What’s your measure of student success? Is it simply that students can achieve a particular score on your midterms and finals? Or, would you like to see them applying their newfound knowledge, engaging around real-life issues, and collaborating to create solutions to challenging problems? If you prefer the latter, there’s good news: flipped-classroom methods can help you achieve these higher-order learning goals.
Flip your classroom using proven teaching strategies
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In “Having Students Apply Knowledge,” the fifth and final episode of the Flipping the College Classroom podcast series, you’ll learn about the culminating phase of Craig Roberts and Marc Sperber’s approach to the flipped classroom—knowledge application. In this phase, you enable students to apply base concepts to complex problems during class. Marc and Craig also describe what students have to say about when, and how, their most significant learning experiences occur in the flipped classroom. In addition, they provide examples of how you can use Cengage Learning’s MindTap to design and implement engaging, collaborative activities that work in your discipline or field of study.
About the “Flipping the College Classroom” Podcast Contributors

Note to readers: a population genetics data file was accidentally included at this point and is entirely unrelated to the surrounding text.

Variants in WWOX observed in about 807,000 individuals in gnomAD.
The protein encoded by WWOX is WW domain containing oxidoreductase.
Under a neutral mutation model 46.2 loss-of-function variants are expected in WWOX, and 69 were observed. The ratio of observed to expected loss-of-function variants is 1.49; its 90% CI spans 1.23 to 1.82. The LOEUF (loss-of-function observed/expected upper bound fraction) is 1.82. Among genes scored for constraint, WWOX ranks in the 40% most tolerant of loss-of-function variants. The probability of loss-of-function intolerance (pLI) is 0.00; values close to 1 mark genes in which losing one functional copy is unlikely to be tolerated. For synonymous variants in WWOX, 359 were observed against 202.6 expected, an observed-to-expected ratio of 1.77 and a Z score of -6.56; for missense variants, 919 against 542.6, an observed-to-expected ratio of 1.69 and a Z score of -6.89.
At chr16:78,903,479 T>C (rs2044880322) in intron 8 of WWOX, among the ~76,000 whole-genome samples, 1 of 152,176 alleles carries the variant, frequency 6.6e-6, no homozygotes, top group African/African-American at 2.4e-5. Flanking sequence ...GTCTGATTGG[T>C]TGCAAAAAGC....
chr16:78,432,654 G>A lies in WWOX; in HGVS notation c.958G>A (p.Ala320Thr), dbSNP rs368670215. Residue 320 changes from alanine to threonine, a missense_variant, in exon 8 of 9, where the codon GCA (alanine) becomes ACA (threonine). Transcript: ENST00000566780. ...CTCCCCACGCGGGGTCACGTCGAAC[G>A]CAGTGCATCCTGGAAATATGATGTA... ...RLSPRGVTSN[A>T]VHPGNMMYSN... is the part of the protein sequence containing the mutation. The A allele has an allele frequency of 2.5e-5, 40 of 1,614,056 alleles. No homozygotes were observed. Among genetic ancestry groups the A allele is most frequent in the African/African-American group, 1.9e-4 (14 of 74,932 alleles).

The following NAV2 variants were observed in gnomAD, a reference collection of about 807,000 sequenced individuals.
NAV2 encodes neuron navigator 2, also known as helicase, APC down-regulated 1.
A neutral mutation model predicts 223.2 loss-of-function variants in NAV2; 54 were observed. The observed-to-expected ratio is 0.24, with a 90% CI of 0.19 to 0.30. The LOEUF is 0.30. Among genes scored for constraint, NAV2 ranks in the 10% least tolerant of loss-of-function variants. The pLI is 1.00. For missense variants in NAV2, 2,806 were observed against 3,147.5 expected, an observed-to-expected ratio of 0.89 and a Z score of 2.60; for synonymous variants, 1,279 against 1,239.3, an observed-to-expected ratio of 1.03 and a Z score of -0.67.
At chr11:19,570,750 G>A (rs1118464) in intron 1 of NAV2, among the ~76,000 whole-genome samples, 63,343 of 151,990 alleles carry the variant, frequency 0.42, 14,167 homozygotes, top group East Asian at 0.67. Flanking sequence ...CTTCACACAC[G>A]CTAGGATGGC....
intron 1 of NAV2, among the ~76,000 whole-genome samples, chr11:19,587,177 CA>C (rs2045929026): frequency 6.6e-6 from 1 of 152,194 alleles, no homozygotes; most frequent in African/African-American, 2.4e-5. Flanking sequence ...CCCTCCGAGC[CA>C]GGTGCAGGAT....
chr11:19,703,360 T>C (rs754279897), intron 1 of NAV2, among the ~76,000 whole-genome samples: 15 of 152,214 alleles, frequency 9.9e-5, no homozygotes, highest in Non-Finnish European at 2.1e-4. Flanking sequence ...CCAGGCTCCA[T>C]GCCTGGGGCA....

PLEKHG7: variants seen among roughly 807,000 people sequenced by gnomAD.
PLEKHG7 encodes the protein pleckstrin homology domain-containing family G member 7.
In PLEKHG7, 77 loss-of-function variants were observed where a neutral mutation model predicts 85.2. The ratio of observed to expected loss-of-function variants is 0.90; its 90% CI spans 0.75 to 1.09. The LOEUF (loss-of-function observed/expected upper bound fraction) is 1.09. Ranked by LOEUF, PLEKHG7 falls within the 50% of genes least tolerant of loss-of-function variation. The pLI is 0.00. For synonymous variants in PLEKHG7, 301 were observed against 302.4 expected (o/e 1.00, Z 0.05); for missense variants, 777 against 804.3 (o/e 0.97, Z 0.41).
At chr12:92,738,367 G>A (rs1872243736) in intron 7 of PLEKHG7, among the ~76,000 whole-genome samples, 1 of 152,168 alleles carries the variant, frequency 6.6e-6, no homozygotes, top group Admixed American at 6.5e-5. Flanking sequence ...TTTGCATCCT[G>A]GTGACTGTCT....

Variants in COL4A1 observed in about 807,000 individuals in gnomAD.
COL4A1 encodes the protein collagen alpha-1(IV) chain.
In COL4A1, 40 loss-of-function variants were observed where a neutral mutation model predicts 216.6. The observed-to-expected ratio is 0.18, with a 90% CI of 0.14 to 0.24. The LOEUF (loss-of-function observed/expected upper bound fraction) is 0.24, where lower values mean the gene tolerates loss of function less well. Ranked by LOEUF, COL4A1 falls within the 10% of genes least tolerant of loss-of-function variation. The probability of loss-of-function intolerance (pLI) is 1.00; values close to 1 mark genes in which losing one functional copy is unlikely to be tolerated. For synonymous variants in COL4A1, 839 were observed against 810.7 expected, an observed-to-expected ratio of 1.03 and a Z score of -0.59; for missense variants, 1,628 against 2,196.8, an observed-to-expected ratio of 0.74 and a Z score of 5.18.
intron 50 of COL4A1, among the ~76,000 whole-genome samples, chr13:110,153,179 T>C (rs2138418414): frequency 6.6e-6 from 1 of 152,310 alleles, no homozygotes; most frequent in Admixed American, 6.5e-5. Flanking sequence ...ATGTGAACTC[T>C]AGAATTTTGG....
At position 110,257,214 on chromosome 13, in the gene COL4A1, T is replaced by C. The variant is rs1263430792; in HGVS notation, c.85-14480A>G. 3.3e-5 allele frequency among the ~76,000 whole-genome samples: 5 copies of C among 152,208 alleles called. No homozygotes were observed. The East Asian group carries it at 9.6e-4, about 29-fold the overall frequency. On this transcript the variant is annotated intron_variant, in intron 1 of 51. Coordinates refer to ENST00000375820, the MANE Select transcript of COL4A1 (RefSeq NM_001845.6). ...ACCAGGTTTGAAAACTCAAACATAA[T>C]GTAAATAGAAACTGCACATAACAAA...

Marc Alan Sperber, MS (Instructional Technology), Duke University School of Nursing
As an educational technologies consultant at Duke University, Marc designs innovative residential, online and international courses, consults with faculty on the best practices in instructional design and technology integration for classroom and distance-based courses, co-leads the Distance Education Special Interest Group at Duke and serves on a university-wide online course assessment committee. Educational technology projects have sent Marc to China and Tanzania. He has a master’s degree in instructional technology and distance learning administration, and previous experience as a marketing research analyst, music magazine publisher/editor-in-chief and TV commercial film editor.
Craig Dane Roberts, PhD (Neuroscience), Duke Institute for Brain Sciences
A Duke University faculty member in both neuroscience and education, Craig’s research expertise lies in how our brains encode and store sensory information. In education, he leads, evaluates and advises on institutional initiatives to adopt novel educational technologies and practices – including flipped, collaborative and competency-based approaches. Craig directs learning innovation and global ventures at the Duke Institute of Brain Sciences, including the development of scientific research and education programs in Shanghai.